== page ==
SolarWinds still does not yet know how the attacker penetrated the company’s supply chain environment, but has narrowed it down to a few possibilities, said Ramakrishna. He did not elaborate on details, emphasizing that the investigation was still under way.

The witnesses said that what the hackers wanted and everything they took is still a mystery. At this point, we still don’t know everything the attacker did—only the attacker does, said Smith.

Various senators asked what needs to be done now that the world knows about the attack. The witnesses said they need better partnerships between the public and private sectors, especially a confidential way to report cyberattacks to the government.

They also said that nations need to agree on “ground rules” for engaging in cyberwarfare. During war, we agree not to bomb ambulances or hospitals, and in the digital space there needs to be equivalent off-limit targets, said Smith. These should include software updates, because the entire world and every type of infrastructure, both digital and physical, relies on them, he said.

The House Oversight and Homeland Security Committees are scheduled to hold a similar hearing Friday.

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Cybersecurity

Companies Give Kudos to Amazon Web Services, As Competition in Cloud Security Heats Up

Experts praise Amazon’s cloud services, as competition in the space accelerates and as the feds tackle cybersecurity concerns.

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Bill Vass, Vice President of engineering with AWS

WASHINGTON, February 24, 2021 – In the first public hearing on the topic since the SolarWinds cyberattack in December, industry leaders testified Tuesday before the Senate Intelligence Select Committee that there are still unanswered questions about the attack.

Those questions include who did it, how they did it, and what they wanted.

Although the attack colloquially assigns SolarWinds as the victim, many companies were affected, and it was the cybersecurity firm FireEye that first announced they had been infiltrated.

The hack, which occurred between March and June 2020 and targeted several companies and federal agencies, has been widely attributed to Russian intelligence. FireEye’s CEO Kevin Mandia and Microsoft President Brad Smith, both whom testified at the hearing, said the adversary was likely the Russians, but did not want to give an irrefutable affirmation.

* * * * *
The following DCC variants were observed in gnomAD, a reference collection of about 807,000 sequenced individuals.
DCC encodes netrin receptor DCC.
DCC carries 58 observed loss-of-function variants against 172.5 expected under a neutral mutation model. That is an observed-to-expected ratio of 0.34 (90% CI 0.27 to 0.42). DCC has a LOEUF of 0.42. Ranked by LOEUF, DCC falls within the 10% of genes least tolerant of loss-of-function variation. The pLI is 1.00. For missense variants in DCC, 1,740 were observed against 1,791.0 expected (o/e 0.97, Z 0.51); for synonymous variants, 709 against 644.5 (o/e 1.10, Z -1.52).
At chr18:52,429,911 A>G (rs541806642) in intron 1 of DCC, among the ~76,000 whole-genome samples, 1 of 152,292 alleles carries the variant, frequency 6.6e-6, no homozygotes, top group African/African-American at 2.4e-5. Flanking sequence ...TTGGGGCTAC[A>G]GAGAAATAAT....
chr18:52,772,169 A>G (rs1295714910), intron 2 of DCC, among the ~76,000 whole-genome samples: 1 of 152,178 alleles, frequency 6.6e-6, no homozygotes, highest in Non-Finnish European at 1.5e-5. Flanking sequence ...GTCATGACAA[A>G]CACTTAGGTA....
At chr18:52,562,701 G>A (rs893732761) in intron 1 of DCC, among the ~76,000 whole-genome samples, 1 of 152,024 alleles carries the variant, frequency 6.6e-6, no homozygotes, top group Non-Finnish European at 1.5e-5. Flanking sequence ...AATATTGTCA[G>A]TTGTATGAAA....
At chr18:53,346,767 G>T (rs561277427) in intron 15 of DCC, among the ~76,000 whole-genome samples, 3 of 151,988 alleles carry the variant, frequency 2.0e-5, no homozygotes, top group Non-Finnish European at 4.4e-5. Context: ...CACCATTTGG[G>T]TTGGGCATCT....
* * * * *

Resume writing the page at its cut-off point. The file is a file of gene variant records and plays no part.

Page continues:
“We all pretty much know who it is,” said Mandia.

Although there is not yet definitive proof, we are confident from the evidence that this was the Russian intelligence agency, said Smith.

As Broadband Breakfast reported Tuesday, SolarWinds’ CEO Sudhakar Ramakrishna said that the attack was very sophisticated and required extensive expertise, as it occurred in the software update supply chain environment.

The other witnesses agreed. Mandia explained that FireEye found the implanted code from thousands of hours of examining detailed assembly code that requires specialized knowledge to understand.

Although we’ve seen many cyberattacks in the past, the scale of this attack was new, said Smith. The level of expertise we saw here required at least a thousand very skilled, capable engineers, he said.

Mandia said that this attack has been in the works for a long time. “This has been a multi-decade campaign for them. They just so happen to—in 2020—create a backdoor SolarWinds implant,” he said.

“They did a dry run in October of 2019, where they put innocuous code into the SolarWinds build just to make sure the results of their intrusion made it into the SolarWinds production platform environment,” he said.

SolarWinds still does not yet know how the attacker penetrated the company’s supply chain environment, but has narrowed it down to a few possibilities, said Ramakrishna. He did not elaborate on details, emphasizing that the investigation was still under way.

The witnesses said that what the hackers wanted and everything they took is still a mystery. At this point, we still don’t know everything the attacker did—only the attacker does, said Smith.

Various senators asked what needs to be done now that the world knows about the attack. The witnesses said they need better partnerships between the public and private sectors, especially a confidential way to report cyberattacks to the government.

They also said that nations need to agree on “ground rules” for engaging in cyberwarfare. During war, we agree not to bomb ambulances or hospitals, and in the digital space there needs to be equivalent off-limit targets, said Smith. These should include software updates, because the entire world and every type of infrastructure, both digital and physical, relies on them, he said.

The House Oversight and Homeland Security Committees are scheduled to hold a similar hearing Friday.